Wednesday, February 23, 2011

CSFF: The God Hater, Day 3

The God Hater

**Warning: There are SPOILERS in this post**

It’s the final day of the blog tour featuring The God Hater by Bill Myers. Since the book came with discussion questions at the end, I wanted to tackle a couple of those today. I’m not following the numbering as in the book, just keeping them separated clearly here.

1. In his preface, Bill says that allegories are slippery and can never fully capture the truth of a situation. What truths does the story successfully capture? What truths slip away?

The story certainly captured the need of our world for a savior. Our fallen nature didn’t allow us simply to follow the law as God gave us in the Old Testament. So Jesus offered his life on the cross for our salvation. In the same way, the artificial people in Travis’ world aren’t able to simply follow the law of Programmer, especially after the introduction of the virus. They also need a savior, a role which Nicholas must ultimately fill.

Which brings us to one point where this particular allegory breaks down. In the book, the savior is a digital “copy” of Nicholas who eventually develops his own patterns of thought and action, separate from those of real-world Nicholas because ultimately he is another being. Obviously that is not the case with Jesus, the Son of God who is one with the Father, and both human and Divine. When Jesus came to Earth, there wasn’t a different Jesus in heaven watching the life of Earth-Jesus unfold. I’m not going to go too deep into the theology of it all but I could see in this particular story it would have been difficult to hit closer to the mark.

2. With that in mind, what area of The God Hater helped you more fully appreciate an aspect of the original story?

When digital Nicholas is on the Grid, wracked with unbearable pain, he lives through each and every digital person’s sins over and over again. It’s something that I guess I had never really considered that closely before, though on some level I knew it. Jesus died on the cross for our sins, and He knows each and every one of them. How likely am I to continue doing something I know is wrong if I imagine the agony that it caused Jesus? That was a great addition to the book.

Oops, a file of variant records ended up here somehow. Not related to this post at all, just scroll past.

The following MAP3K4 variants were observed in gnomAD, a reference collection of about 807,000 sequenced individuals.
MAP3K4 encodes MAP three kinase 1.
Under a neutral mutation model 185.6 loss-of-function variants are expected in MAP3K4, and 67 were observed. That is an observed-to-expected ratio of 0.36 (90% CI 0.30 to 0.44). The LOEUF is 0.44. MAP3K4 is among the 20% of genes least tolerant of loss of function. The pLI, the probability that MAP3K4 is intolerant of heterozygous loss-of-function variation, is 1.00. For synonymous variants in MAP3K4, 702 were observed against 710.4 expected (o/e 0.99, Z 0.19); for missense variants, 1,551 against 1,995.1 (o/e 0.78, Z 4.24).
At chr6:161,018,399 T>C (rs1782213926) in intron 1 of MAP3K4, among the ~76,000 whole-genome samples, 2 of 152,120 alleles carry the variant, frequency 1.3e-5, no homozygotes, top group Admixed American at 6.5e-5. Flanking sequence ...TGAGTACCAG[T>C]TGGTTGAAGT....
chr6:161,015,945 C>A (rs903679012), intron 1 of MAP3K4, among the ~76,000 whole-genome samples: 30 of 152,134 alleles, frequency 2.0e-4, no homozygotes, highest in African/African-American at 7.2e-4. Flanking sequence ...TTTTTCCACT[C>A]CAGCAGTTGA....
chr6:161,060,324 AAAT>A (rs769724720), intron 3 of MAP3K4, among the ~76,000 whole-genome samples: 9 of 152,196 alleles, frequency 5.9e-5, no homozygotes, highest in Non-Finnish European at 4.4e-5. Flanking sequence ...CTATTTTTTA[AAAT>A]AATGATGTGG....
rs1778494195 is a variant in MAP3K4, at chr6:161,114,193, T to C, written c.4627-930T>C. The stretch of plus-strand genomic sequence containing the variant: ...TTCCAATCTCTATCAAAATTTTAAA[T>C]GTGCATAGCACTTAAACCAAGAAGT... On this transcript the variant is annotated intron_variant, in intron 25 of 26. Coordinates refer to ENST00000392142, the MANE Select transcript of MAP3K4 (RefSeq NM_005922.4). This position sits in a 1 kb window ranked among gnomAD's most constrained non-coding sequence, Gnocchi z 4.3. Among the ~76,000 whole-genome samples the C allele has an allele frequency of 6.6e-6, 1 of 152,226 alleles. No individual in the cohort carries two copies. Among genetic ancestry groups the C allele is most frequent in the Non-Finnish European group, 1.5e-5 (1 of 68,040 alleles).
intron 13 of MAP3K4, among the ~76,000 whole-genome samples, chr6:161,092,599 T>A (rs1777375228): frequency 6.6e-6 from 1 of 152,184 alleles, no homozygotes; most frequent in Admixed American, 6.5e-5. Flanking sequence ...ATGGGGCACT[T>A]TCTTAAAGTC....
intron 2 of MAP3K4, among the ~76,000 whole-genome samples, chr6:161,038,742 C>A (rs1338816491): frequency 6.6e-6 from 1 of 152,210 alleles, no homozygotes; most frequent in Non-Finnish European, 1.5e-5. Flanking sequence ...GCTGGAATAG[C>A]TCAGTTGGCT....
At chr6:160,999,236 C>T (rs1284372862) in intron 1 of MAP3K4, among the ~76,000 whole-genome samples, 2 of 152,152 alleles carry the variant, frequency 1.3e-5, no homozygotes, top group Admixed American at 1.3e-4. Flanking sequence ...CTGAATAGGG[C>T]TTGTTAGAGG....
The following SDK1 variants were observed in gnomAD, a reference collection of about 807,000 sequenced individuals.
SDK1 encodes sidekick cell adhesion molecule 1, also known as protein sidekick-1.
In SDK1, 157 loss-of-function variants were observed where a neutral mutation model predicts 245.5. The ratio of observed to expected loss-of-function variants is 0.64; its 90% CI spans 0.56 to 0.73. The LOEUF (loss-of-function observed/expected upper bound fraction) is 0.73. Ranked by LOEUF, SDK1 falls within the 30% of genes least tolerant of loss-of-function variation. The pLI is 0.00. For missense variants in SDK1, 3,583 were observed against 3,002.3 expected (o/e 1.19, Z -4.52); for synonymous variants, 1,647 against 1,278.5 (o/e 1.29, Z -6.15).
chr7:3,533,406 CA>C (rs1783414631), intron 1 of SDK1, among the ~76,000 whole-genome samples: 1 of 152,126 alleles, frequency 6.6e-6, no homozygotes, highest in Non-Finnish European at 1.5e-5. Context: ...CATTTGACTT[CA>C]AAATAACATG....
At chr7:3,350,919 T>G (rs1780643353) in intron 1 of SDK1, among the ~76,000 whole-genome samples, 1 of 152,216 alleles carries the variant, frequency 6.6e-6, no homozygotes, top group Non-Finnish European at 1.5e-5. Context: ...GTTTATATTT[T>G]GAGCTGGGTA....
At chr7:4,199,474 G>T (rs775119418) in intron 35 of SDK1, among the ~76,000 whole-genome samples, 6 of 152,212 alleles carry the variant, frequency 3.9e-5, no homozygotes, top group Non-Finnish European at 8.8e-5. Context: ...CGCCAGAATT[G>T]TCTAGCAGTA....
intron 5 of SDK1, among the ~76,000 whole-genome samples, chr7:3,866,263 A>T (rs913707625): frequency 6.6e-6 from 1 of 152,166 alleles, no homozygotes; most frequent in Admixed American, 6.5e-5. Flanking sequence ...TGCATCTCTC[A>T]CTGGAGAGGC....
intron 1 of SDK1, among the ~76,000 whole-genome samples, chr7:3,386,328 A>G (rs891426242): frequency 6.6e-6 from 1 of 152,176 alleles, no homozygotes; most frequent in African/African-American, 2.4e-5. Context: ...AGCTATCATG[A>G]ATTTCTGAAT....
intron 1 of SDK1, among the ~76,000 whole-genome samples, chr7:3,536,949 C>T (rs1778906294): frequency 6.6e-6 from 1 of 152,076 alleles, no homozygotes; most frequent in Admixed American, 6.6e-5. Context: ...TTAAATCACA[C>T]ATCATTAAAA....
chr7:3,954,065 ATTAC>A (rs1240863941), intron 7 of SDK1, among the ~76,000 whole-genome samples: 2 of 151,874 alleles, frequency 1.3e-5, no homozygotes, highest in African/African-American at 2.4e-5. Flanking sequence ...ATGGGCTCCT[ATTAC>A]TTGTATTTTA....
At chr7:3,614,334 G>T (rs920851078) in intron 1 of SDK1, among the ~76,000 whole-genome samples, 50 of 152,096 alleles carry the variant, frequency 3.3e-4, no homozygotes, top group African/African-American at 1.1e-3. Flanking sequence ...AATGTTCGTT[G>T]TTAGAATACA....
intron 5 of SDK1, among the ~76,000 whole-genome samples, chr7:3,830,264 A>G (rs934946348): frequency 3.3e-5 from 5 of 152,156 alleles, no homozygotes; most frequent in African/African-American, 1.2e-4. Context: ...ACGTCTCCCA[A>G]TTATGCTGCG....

3. What emotional force drives Mackenzie to make many of his decisions in the story?

That is a good question. I think there are many – sometimes conflicting – emotions that shape Nicholas’ decisions, but the one that stood out to me the most was guilt. He obviously feels tremendous guilt over what happened to his son, and though I may be reading too much into his character, I definitely get the impression that guilt is what makes him turn on God. He can’t forgive himself for what happened, even if it was just an accident, and so convinces himself that God isn’t real and those who believe in Him are not only wrong, but also stupid. Additionally, it’s obvious that the love he still feels for his son plus the guilt over his death ultimately lead him to the decision to help Travis. Alpha 11 is modeled on his son, and he just can’t bear to let him be destroyed.

There are more questions in the back of the book, and indeed many more points that could be discussed about the story, but I think I’ll leave it there. A great book on so many levels, and one I would highly recommend.

Don’t forget to visit the rest of the tour:

Noah Arsenault - Red Bissell - Thomas Clayton Booher - Keanan Brand - Kathy Brasby - Rachel Briard - Beckie Burnham - Morgan L. Busse - Carol Bruce Collett - Valerie Comer - Karri Compton - CSFF Blog Tour - April Erwin - Amber French - Andrea Graham - Tori Greene - Katie Hart - Ryan Heart - Joleen Howell - Bruce Hennigan - Becky Jesse - Cris Jesse - Becca Johnson - Jason Joyner - Carol Keen - Emily LaVigne - Shannon McDermott - Matt Mikalatos - Rebecca LuElla Miller - Mirtika MollyBuuklvr81 - John W. Otte - Sarah Sawyer - Chawna Schroeder - Andrea Schultz - Tammy Shelnut - Kathleen Smith - James Somers - Donna Swanson - Jessica Thomas - Steve Trower - Fred Warren - Dona Watson - Nicole White - Dave Wilson

Disclaimer: In conjunction with the CSFF Blog Tour I received a free copy of this book from the publisher. All opinions expressed are my own.

1 comment:

  1. What a great idea, to answer some of those questions. I love it!

    I think you're right about the guilt. And I just got how important that line is where e-Nicholas says that they wanted freedom, but when they got it, then they blamed Programmer for not restricting the freedom of others. Or maybe that's something Rebecca said to real Nicholas.

    Anyway, that's what Nicholas was doing in essence. He was blaming God for giving him the freedom to do something that killed his son.

    Good thoughts, Tori.